YOICHIRO HIROI and KENYA AKAMA, Nikkei staff writers
TOKYO/KYOTO — Japanese components makers are considering bringing more of the manufacturing process back home as factory automation reduces costs and pandemic-induced plant shutdowns abroad prompt them to rethink supply chains.
Chipmaker Rohm has developed a production line that automates the labor-intensive back-end of semiconductor fabrication. The company will try out the line at a Fukuoka Prefecture factory starting this summer, with plans to ramp up to mass production in the second half of 2021.
“With fully or partially automated lines, operations can be profitable in Japan,” President Isao Matsumoto told Nikkei, unveiling plans to move part of the back end of production to domestic shores from places such as China and Southeast Asia later next year.
Many parts makers already have the front end of production in Japan after automation. But the back end tends to be labor-intensive and is often performed in countries with lower wages.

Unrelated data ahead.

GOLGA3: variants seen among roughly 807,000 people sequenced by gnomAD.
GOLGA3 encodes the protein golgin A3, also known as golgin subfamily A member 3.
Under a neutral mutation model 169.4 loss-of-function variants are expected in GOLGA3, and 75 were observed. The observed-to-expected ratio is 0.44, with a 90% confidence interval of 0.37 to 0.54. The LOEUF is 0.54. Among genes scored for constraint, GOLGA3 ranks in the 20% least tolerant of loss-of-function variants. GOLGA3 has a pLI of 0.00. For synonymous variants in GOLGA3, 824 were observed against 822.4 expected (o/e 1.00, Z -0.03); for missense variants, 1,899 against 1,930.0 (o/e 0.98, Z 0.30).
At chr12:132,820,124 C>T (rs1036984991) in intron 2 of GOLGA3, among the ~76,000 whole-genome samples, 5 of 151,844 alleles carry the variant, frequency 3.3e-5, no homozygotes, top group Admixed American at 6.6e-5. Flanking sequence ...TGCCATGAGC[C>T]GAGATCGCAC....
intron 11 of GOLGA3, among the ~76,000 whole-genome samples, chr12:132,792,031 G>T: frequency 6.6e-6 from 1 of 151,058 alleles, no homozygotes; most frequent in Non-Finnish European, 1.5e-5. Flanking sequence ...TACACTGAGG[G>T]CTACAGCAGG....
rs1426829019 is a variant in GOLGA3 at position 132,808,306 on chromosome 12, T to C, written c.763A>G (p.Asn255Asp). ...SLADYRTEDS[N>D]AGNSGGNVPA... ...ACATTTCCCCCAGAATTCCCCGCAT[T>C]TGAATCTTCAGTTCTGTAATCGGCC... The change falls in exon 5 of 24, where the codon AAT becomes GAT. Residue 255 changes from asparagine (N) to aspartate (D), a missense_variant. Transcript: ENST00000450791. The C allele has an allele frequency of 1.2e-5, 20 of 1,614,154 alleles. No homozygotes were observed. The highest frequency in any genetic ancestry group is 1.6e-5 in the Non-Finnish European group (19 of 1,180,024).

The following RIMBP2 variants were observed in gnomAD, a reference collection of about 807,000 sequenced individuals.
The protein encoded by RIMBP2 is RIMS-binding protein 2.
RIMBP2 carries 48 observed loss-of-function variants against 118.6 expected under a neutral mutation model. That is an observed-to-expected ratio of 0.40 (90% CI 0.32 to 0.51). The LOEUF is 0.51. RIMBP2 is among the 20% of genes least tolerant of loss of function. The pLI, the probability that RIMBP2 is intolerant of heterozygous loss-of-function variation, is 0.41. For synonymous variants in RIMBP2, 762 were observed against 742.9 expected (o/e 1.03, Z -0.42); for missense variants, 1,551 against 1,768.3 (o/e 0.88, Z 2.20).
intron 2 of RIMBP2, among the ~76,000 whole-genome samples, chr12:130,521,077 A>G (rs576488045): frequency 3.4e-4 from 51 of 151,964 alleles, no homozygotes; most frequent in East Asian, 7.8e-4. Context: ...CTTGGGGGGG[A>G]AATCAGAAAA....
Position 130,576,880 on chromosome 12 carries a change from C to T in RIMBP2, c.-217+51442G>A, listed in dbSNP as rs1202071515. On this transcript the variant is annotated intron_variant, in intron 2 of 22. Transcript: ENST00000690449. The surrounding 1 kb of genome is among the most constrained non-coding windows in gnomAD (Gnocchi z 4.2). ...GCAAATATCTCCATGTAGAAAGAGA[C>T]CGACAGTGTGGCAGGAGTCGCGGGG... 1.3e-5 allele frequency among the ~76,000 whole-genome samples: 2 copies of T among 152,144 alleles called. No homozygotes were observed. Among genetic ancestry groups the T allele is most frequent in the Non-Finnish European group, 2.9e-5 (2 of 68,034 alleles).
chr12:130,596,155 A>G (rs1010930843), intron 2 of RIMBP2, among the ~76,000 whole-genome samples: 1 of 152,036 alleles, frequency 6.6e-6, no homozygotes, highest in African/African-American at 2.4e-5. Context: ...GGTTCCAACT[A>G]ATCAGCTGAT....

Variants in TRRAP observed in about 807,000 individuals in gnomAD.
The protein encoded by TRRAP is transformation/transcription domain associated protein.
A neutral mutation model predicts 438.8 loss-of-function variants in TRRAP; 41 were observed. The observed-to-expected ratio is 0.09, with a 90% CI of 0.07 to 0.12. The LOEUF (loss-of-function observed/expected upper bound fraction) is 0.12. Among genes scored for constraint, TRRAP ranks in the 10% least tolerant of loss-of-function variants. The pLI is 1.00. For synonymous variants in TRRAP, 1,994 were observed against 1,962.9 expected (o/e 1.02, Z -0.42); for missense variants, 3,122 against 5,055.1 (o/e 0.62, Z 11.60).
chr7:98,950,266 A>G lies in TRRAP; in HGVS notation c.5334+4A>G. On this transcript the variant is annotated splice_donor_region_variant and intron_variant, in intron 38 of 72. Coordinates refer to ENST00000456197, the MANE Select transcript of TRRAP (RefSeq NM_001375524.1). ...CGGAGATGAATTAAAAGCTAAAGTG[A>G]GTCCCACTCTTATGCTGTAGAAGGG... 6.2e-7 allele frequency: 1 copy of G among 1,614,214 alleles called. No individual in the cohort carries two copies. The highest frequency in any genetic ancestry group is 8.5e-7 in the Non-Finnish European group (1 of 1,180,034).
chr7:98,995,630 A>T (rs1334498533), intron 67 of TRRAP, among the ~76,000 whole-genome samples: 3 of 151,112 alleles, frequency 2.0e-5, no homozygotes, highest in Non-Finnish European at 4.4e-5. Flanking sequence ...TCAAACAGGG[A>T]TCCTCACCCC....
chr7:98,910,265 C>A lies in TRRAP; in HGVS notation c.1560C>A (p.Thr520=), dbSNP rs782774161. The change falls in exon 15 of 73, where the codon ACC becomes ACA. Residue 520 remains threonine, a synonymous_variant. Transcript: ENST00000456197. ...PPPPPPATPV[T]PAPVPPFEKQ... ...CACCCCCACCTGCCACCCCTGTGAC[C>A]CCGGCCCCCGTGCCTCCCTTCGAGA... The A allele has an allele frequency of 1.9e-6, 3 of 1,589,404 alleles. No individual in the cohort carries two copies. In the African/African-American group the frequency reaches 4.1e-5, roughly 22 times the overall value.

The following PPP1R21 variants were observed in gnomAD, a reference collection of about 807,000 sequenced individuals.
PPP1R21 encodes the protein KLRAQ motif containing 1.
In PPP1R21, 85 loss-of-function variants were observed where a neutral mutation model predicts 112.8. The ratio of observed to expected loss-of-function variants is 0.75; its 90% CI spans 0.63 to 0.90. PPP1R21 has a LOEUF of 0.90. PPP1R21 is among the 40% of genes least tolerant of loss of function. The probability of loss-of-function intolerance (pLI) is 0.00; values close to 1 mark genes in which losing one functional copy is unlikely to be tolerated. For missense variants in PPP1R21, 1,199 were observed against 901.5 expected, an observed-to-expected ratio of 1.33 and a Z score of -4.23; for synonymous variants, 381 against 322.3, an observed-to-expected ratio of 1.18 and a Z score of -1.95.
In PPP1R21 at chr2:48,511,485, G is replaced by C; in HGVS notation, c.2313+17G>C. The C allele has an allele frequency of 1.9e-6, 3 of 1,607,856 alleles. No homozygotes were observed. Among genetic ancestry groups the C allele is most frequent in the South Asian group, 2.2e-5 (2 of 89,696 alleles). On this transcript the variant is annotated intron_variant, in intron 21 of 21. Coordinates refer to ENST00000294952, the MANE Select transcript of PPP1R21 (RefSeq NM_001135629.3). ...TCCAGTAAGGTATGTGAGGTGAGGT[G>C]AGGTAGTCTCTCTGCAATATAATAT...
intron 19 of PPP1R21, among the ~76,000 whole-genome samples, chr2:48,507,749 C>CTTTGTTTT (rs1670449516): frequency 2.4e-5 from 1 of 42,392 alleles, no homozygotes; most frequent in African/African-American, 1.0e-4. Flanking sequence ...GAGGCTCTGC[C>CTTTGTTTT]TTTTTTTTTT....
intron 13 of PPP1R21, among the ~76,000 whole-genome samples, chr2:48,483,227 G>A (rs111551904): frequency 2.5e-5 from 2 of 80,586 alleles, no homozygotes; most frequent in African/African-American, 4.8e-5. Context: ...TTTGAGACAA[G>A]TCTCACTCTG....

Rohm, which shut down its factories in the Philippines and Malaysia under lockdown or movement-limiting mandates, also aims to reduce fixed costs for overseas production. The Kyoto company seeks to increase outsourcing of the back-end phase to 30% by fiscal 2022 from 10% at present, Matsumoto said.
Japan Display, commonly known as JDI, is pursuing a similar path. As part of rebuilding its supply chain, “one idea is to move the back-end stage to Japan from abroad,” CEO Minoru Kikuoka said in an interview with Nikkei. The LCD panel supplier for Apple is bolstering investment in automation of the second half of the process.
“The gap in labor costs is not wide between overseas and Japan,” Kikuoka said. “Having the front- and back-end phases in the same region would lower transport costs as well.”
Murata Manufacturing appears to be rethinking its strategy as well. Japanese output accounts for 65% of its sales in value terms, and the electronic components maker had been looking to move some production abroad before the pandemic.
But under the coronavirus crisis, “our domestically-focused manufacturing turned out to be a strength,” Senior Executive Vice President Norio Nakajima said. “Now is not the time to keep shifting production overseas,” he said, suggesting beefed-up operations in Japan.